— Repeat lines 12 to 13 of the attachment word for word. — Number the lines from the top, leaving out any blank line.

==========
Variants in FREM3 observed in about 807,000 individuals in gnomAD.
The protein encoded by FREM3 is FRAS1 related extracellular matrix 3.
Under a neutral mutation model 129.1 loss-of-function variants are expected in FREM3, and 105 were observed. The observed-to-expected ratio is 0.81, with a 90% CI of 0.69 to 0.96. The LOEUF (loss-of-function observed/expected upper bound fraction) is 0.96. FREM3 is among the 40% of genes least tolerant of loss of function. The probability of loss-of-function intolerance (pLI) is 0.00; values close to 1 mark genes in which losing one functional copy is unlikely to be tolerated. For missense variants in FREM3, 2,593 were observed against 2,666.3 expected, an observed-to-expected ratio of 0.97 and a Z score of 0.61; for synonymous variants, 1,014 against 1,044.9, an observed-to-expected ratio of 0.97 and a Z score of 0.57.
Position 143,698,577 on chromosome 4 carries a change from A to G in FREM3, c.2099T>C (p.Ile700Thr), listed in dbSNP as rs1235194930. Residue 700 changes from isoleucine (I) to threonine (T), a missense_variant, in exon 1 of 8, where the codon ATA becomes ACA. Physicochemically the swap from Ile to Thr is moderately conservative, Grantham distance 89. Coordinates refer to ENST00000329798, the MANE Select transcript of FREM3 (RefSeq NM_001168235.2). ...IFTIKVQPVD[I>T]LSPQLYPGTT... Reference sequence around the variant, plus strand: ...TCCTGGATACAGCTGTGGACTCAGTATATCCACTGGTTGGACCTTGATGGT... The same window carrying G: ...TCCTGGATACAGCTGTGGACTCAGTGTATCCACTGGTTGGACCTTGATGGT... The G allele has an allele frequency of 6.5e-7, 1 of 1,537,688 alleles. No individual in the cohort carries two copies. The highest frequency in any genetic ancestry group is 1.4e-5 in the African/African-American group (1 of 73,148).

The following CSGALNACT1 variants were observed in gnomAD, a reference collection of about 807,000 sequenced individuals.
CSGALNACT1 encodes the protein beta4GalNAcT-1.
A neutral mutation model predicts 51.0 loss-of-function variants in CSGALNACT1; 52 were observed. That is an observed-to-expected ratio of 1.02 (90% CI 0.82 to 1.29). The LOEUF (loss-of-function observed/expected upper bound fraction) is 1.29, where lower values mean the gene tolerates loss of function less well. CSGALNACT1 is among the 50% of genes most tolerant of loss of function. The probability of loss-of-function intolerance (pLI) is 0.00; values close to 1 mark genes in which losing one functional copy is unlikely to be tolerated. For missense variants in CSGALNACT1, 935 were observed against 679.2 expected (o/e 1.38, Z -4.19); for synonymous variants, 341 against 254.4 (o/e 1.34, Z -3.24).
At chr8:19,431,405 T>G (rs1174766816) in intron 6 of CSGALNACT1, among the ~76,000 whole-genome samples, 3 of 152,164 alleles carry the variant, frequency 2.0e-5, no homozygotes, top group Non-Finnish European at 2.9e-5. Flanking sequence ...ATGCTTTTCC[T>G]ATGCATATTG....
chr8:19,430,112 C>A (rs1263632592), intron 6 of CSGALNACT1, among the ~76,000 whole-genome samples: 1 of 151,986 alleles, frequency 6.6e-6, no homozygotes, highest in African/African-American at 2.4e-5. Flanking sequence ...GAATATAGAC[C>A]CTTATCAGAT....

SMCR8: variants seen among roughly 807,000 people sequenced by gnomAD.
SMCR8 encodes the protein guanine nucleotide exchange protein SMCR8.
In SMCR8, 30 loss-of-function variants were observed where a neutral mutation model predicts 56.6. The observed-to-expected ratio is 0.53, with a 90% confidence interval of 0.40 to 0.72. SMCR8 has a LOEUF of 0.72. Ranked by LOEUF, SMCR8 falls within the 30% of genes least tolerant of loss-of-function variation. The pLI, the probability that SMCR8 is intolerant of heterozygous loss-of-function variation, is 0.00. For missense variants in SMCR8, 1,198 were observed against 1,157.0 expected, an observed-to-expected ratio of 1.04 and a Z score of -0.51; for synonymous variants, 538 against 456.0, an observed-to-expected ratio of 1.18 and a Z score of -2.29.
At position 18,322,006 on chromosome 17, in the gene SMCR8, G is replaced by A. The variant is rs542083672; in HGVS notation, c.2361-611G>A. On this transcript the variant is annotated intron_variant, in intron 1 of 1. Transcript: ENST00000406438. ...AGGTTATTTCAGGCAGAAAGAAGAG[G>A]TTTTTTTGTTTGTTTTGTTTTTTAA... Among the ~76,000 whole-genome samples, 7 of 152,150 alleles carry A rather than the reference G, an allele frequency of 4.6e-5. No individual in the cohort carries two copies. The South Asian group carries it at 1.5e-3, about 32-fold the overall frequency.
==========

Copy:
In SMCR8, 30 loss-of-function variants were observed where a neutral mutation model predicts 56.6. The observed-to-expected ratio is 0.53, with a 90% confidence interval of 0.40 to 0.72. SMCR8 has a LOEUF of 0.72. Ranked by LOEUF, SMCR8 falls within the 30% of genes least tolerant of loss-of-function variation. The pLI, the probability that SMCR8 is intolerant of heterozygous loss-of-function variation, is 0.00. For missense variants in SMCR8, 1,198 were observed against 1,157.0 expected, an observed-to-expected ratio of 1.04 and a Z score of -0.51; for synonymous variants, 538 against 456.0, an observed-to-expected ratio of 1.18 and a Z score of -2.29.
At position 18,322,006 on chromosome 17, in the gene SMCR8, G is replaced by A. The variant is rs542083672; in HGVS notation, c.2361-611G>A. On this transcript the variant is annotated intron_variant, in intron 1 of 1. Transcript: ENST00000406438. ...AGGTTATTTCAGGCAGAAAGAAGAG[G>A]TTTTTTTGTTTGTTTTGTTTTTTAA... Among the ~76,000 whole-genome samples, 7 of 152,150 alleles carry A rather than the reference G, an allele frequency of 4.6e-5. No individual in the cohort carries two copies. The South Asian group carries it at 1.5e-3, about 32-fold the overall frequency.